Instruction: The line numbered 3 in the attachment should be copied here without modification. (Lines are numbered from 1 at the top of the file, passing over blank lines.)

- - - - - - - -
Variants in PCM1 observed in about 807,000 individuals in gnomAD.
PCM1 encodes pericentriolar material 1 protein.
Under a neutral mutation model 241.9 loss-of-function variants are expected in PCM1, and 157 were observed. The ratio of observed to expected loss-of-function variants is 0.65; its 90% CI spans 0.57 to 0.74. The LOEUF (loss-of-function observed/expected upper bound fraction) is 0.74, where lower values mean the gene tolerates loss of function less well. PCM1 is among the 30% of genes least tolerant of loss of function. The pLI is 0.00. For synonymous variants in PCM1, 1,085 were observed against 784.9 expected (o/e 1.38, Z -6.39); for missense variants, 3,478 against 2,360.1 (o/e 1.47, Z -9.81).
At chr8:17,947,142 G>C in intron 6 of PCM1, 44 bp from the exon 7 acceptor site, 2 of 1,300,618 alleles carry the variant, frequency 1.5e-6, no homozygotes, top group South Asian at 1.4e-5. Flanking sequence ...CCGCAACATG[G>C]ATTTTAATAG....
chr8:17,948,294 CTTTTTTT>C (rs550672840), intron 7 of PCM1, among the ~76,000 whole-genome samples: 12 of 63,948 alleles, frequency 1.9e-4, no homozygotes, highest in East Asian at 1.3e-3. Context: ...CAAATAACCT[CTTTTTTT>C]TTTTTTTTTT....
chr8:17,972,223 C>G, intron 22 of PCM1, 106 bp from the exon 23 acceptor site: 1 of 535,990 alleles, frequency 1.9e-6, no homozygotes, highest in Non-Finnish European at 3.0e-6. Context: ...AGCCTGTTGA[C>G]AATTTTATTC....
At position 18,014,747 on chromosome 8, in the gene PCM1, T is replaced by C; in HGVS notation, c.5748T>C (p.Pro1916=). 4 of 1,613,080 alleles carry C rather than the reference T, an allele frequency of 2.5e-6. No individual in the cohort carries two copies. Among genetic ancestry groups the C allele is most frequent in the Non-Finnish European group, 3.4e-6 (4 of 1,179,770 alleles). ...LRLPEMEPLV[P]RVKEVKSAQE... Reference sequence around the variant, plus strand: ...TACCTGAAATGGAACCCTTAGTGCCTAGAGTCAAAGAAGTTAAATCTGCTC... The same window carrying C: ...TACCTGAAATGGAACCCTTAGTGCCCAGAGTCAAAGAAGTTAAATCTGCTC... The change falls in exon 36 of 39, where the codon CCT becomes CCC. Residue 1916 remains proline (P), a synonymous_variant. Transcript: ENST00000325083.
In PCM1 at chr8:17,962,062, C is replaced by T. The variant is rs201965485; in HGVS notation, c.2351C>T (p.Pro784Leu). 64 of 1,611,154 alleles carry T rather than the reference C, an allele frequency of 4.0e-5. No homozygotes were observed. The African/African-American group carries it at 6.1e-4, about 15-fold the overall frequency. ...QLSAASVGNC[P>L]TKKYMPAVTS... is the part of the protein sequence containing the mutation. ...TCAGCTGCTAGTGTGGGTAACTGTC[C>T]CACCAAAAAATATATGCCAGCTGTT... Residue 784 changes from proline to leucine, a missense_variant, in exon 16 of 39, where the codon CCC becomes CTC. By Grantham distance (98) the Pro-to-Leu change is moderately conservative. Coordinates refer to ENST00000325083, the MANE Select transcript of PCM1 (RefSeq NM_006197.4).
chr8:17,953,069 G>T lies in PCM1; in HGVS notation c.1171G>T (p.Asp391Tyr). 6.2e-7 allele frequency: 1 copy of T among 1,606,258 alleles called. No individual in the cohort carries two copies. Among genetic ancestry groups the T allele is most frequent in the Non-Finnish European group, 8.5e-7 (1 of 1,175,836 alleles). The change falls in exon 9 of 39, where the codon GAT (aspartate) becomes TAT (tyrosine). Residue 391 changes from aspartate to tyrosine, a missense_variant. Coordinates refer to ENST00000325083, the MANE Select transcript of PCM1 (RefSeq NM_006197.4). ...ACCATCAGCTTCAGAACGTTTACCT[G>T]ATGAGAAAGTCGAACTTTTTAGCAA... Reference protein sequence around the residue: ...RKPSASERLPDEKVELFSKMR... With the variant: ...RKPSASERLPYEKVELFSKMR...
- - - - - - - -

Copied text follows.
Under a neutral mutation model 241.9 loss-of-function variants are expected in PCM1, and 157 were observed. The ratio of observed to expected loss-of-function variants is 0.65; its 90% CI spans 0.57 to 0.74. The LOEUF (loss-of-function observed/expected upper bound fraction) is 0.74, where lower values mean the gene tolerates loss of function less well. PCM1 is among the 30% of genes least tolerant of loss of function. The pLI is 0.00. For synonymous variants in PCM1, 1,085 were observed against 784.9 expected (o/e 1.38, Z -6.39); for missense variants, 3,478 against 2,360.1 (o/e 1.47, Z -9.81).